Early in his course he began to lay particular stress on Practical Physics, to which he was devoted throughout his career. He held six different scholarships in Physical Science, including an 1851 Exhibition Scholarship and a Carnegie Fellowship.
For two years he was Assistant to Professor MacGregor in the Physical laboratory, and from 1909 he spent two sessions in the laboratory of Professor Des Coudres in the University of Leipzig. A family bereavement necessitated his return to Edinburgh, where he continued his research for two years. Early experiments at Professor Chrystal's suggestion led to papers with Peter White on "Some Experimental Results in connection with the Hydrodynamical Theory of Seiches" (Proc. R.S.E., 1906) and with E M (Sir Ernest) Wedderburn on "Observations with a Current Meter in Loch Ness" (Proc. R.S.E., 1909). The Royal Society of Saxony published a paper on "The Volume of Waters at High Pressures and Temperatures" in 1911, and this was followed by "Isopiestic Expansibility of Water at High Pressures and Temperatures" (Proc. R.S.E., 1911), and "On the Compressibilities of Dilute Solutions of certain Inorganic Salts" (Proc. R.S.E., 1913). As Nichol Assistant and Demonstrator in Edinburgh University, he became highly esteemed for his experimental skill and initiative by Professor Chrystal, Dr Cargill G Knott, Professor Peddie, Professor MacGregor and Dr Carse, with whom he worked. Having qualified for the Schoolmaster's General Diploma and studied under Dr Morgan at the Provincial Training College, he turned his attention to teaching on his appointment as Head of the Physics Department in the Heriot-Watt College in 1912. From that time until his retiral in 1944 he was fully engaged in training a long line of engineers, chemists and others in day and evening classes. Under his direction a great expansion of the work of the Department took place, and, with the exception of Specialised Optical Courses, the main activities of the Physics Department were in connection with the fundamentals of Physics for students in the technological departments. At his appointment the Department was in its infancy, having until two years previous formed a section of Electrical Engineering and Physics under Professor F G Baily. New and improved laboratories were provided with the extension of the College in 1937, but the advent of war proved a serious check in the normal academic courses, and the training of service units in a long succession of courses made serious calls on all departments until Watson's retiral. Throughout his career he co-operated most effectively and harmoniously with all departments of the College, and was a valued friend and adviser to many students now holding responsible positions at home and abroad.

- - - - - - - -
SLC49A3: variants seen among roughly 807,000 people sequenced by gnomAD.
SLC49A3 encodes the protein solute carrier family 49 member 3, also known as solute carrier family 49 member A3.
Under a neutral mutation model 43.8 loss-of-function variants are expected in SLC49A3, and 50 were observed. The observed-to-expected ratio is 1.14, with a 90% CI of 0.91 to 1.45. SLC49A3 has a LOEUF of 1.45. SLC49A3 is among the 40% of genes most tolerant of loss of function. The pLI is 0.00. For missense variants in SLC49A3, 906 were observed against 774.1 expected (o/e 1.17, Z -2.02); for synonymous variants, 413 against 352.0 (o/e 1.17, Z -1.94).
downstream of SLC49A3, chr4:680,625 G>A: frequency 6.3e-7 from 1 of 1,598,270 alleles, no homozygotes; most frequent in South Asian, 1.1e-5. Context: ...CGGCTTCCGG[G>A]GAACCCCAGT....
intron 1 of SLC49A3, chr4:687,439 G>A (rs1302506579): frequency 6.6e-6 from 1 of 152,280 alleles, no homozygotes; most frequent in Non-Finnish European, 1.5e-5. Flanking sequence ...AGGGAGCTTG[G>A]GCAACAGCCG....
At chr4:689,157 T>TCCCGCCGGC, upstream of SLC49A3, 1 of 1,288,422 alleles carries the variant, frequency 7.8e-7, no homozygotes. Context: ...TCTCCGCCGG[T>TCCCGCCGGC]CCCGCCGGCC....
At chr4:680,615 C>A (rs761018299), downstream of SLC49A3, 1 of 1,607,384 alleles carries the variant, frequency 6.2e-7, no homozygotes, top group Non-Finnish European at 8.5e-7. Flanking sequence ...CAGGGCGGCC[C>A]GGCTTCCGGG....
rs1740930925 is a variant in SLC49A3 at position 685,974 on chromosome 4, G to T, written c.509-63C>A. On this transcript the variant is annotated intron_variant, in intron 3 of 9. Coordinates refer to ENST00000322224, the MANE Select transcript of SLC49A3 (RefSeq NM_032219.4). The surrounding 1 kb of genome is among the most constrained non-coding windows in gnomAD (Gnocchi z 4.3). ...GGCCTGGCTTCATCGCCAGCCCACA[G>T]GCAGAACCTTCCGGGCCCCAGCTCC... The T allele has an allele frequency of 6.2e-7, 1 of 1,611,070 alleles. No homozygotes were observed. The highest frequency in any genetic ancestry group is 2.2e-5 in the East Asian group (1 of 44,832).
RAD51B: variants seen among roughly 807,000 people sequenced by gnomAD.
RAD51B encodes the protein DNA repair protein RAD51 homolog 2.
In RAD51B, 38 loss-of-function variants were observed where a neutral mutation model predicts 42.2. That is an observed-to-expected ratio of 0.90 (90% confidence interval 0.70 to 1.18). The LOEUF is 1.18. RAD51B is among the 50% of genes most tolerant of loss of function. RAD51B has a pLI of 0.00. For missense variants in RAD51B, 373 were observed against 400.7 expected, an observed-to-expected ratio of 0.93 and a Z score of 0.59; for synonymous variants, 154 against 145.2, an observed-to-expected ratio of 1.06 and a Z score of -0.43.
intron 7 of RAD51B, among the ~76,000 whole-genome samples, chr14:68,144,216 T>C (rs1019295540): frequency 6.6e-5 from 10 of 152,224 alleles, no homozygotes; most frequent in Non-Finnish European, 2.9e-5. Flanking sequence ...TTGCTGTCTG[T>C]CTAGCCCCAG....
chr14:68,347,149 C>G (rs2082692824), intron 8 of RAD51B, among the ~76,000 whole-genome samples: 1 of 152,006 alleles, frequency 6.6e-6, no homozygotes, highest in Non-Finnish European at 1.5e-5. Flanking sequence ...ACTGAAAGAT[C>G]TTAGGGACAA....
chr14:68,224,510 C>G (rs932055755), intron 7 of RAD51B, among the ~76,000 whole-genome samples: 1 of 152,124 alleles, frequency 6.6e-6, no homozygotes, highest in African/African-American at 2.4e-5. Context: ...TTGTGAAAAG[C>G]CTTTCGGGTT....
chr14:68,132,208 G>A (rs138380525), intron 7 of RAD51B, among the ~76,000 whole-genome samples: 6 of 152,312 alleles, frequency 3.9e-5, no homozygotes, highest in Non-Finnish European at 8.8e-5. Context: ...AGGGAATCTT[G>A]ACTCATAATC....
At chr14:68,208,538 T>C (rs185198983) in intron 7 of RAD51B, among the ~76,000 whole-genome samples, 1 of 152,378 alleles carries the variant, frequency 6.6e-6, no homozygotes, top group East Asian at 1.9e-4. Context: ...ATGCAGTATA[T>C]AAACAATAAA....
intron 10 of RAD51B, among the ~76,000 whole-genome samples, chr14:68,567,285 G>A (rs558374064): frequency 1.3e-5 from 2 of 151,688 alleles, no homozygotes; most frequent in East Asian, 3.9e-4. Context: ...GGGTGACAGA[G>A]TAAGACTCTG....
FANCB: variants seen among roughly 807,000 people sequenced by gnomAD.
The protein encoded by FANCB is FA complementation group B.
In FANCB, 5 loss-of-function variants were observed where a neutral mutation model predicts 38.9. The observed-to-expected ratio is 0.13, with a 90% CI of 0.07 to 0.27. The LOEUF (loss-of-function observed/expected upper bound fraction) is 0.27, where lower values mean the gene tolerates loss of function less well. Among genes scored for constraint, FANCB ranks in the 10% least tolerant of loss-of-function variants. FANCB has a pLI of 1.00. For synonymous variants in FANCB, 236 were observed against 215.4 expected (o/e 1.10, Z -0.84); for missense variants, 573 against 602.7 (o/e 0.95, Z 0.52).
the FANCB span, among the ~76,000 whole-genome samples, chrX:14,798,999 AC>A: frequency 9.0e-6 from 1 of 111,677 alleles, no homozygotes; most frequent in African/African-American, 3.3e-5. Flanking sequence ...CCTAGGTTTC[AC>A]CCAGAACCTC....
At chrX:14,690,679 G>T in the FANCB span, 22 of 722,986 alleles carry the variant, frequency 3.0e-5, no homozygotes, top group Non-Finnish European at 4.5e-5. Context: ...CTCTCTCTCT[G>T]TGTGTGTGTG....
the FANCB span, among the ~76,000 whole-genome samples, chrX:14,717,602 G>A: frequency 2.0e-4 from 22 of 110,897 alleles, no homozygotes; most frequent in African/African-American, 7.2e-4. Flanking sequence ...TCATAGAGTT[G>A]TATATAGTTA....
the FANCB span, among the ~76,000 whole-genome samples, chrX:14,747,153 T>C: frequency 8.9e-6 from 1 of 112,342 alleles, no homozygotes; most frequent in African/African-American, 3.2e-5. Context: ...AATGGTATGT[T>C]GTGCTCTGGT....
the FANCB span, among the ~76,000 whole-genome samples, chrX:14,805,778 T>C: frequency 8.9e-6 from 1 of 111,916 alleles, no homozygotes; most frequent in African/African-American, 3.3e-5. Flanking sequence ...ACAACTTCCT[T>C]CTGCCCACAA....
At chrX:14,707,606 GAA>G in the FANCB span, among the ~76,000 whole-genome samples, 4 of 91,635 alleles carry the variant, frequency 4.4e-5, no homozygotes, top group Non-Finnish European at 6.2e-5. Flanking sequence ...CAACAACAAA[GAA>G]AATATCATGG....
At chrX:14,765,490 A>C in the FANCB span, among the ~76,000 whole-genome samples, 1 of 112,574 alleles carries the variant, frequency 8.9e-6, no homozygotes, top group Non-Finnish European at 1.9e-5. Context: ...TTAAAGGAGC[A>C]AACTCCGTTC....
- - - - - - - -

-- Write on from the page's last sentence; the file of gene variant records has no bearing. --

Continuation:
Although never enjoying robust health, Watson was a keen golfer, trained on the famous Musselburgh Links, and latterly, a skilled and enthusiastic bowler.
He was unmarried, and died on June 28, 1952, after a long period of illness.
He was elected a Fellow in 1923.